“We don’t know specifically why people in close proximity to these larger wells are more likely to be sick,” Schwartz said.
The study did not determine a causal link, said lead author Aaron Tustin, a resident physician in the Department of Environmental Health Sciences at the Johns Hopkins Bloomberg School of Public Health.
“Having said that, we think it’s a possibility,” he said.
The press release also states:
“In general, cross-sectional surveys such as ours cannot access temporal relations between exposures and outcomes, and we did not ascertain the onset dates of some symptoms.”
And considering the researchers chose to evaluate conditions that can be triggered by a myriad of factors, the study notes that other causal factors other than fracking have to be considered:
“Participants’ exposure to UNGD activity could have been affected by unmeasured factors such as occupation, travel, and time spent outdoors. Additionally, our UNGD activity metric did not allow identification of specific exposures or exposure pathways.”
On that point the report also admits that the people who did submit questionnaires were considered not to be in good health. From the study:
“There was some evidence of selection bias, as survey participants had poorer health (measured by the Charlson comorbidity index) than non-responders.”
According to the Mayo Clinic, migraines can be triggered by hormonal changes (in women), foods, food additives, alcohol, changes in weather, medication and several other factors. CRS, which 13 percent (30 million people) of the U.S. population suffers with, is most often triggered by allergies, according to the Mayo Clinic, and fatigue, obviously, has countless causes that have nothing remotely do with fracking.
Fact #3: Researchers have clear anti-fracking bias
Though EID has pointed it out three times now, it bears repeating: A key member of this research team, as well as the funding of their recent Pennsylvania studies, can be traced to the anti-fracking movement.
One of the study’s authors, Brian Schwartz, is a fellow at the Post Carbon Institute, a group known for espousing discredited “peak-oil” views and, it just so happens, has called fracking a “virus” and states as its mission to eliminate fossil fuels altogether. After being called out for not disclosing that affiliation in numerous reports, this study, as well as his latest asthma study, notes in the disclosures,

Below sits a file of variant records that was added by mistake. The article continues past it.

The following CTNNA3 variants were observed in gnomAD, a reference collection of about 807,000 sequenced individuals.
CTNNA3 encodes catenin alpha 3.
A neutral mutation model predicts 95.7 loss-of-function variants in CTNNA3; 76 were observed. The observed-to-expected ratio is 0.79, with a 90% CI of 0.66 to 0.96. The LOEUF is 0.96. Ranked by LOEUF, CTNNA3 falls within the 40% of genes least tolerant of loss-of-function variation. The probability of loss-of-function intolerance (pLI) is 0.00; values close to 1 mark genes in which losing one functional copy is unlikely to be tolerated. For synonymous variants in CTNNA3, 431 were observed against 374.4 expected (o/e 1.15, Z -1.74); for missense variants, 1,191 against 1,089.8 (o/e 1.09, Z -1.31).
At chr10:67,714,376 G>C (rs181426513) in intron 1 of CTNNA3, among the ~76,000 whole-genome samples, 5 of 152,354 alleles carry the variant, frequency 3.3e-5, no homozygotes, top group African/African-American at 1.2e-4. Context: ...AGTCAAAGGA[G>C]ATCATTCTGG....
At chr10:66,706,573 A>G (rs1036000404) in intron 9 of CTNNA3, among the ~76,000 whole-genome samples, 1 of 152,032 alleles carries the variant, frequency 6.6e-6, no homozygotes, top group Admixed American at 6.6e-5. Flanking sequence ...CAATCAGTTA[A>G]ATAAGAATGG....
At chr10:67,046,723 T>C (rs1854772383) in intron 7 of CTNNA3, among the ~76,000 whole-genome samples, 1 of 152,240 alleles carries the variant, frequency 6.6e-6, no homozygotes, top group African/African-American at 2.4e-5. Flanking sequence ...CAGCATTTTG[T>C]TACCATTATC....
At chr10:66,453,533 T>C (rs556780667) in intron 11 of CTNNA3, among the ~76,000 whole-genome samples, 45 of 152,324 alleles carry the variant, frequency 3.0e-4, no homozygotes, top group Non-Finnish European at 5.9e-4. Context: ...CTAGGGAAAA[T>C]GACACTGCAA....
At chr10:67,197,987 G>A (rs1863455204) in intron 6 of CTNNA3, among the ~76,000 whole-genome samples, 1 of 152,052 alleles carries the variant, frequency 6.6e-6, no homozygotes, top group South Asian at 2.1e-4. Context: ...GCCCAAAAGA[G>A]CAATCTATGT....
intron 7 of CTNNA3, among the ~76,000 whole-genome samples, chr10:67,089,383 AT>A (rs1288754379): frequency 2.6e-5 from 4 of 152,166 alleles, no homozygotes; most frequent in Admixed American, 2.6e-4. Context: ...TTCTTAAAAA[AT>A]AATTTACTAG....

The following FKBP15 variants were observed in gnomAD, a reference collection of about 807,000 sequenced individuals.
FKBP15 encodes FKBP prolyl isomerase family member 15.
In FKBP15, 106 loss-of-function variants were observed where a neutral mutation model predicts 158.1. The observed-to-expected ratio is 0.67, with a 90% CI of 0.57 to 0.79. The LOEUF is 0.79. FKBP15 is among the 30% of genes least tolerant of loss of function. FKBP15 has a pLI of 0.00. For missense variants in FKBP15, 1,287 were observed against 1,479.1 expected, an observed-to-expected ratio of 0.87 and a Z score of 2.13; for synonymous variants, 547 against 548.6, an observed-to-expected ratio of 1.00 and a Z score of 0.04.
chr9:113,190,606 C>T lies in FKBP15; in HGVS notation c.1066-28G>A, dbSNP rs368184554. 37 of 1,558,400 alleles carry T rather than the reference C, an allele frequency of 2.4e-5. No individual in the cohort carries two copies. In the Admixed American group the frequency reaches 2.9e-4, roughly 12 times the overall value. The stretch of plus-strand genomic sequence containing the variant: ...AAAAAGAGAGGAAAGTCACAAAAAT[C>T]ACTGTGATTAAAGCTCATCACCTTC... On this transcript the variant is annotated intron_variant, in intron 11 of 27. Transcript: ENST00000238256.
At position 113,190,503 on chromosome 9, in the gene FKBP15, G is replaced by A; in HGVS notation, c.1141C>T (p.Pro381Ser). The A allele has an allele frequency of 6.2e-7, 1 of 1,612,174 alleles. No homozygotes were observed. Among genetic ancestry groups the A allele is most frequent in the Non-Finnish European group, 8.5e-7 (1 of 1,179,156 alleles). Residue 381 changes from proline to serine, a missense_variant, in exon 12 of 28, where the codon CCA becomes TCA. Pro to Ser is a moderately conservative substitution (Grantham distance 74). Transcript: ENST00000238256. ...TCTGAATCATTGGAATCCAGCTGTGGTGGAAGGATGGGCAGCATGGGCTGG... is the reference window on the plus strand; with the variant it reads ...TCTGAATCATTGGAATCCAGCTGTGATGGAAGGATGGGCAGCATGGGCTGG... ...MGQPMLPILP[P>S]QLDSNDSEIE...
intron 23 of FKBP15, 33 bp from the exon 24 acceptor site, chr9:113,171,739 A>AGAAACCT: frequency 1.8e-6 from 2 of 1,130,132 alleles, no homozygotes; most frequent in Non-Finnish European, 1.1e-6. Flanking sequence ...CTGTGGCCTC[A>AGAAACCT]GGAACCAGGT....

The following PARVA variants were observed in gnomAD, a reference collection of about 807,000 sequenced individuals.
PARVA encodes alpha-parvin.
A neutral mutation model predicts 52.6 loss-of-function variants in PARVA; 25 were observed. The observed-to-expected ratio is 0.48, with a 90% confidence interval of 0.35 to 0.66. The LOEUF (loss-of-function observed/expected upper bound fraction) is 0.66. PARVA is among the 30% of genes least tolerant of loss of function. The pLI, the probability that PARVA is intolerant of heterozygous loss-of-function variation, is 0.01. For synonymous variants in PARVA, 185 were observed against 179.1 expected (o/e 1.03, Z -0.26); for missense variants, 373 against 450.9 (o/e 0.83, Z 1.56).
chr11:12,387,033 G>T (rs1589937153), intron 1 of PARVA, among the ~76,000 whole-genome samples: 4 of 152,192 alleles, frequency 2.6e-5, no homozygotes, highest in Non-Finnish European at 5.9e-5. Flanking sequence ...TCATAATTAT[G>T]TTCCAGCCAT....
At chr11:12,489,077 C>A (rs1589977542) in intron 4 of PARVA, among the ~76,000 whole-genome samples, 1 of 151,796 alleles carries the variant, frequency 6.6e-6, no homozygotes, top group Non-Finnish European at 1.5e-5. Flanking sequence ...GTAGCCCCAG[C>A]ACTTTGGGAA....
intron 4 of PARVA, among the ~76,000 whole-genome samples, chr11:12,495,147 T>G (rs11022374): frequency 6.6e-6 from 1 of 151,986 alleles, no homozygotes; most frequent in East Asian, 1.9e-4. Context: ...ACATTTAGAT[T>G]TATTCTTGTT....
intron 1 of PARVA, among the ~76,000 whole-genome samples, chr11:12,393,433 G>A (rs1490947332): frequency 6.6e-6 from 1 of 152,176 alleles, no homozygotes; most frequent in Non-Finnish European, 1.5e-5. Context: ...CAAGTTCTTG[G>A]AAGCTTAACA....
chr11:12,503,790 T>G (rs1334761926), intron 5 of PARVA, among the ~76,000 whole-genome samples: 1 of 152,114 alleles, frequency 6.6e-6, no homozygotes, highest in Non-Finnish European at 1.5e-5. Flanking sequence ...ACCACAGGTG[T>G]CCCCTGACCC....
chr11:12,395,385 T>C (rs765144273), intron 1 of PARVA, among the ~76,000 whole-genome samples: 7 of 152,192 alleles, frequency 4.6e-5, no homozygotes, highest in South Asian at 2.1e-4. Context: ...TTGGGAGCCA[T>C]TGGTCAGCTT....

“Competing Financial Interests: Dr. Schwartz is a Fellow of the Post Carbon Institute (PCI), serving as an informal advisor on climate, energy, and health issues. He receives no payment for this role. His research is entirely independent of PCI, and is not motivated, reviewed, or funded by PCI. The other authors declare they have no actual or potential competing financial interests.”
Of course, it was never a question of funding — but a question of bias — that prompted EID to raise these red flags in the first place!
But speaking of funding, the researchers also received financial support from the Robert Wood Johnson Foundation, which features at least three board members who are also on the board of World Wildlife Fund, which has made it clear that it is, “against the use of fracking to extract shale gas – or any other ‘unconventional’ fuels – from the ground.”
So it’s no wonder the press release for the study takes an activist stance on Maryland’s fracking moratorium. From the release:
“Maryland’s fracking moratorium is set to expire in October 2017. The moratorium was passed in 2015 out of concern about fracking’s potentially negative environmental effects, before the more recent health studies were completed. Schwartz says Maryland regulators should consider these new scientific findings when they decide whether to allow drilling.
“The moratorium was put in place before we even knew that there were health effects associated with these wells,” Schwartz says. “Now that we do, regulators need to carefully consider their next steps.”
Fact #4: Studies show Pennsylvania’s pollution is plummeting as natural gas production soars
While these researchers desperately try to attribute common illnesses to fracking based on “associations,” real evidence of fracking’s contribution to improved public health continues to come to light.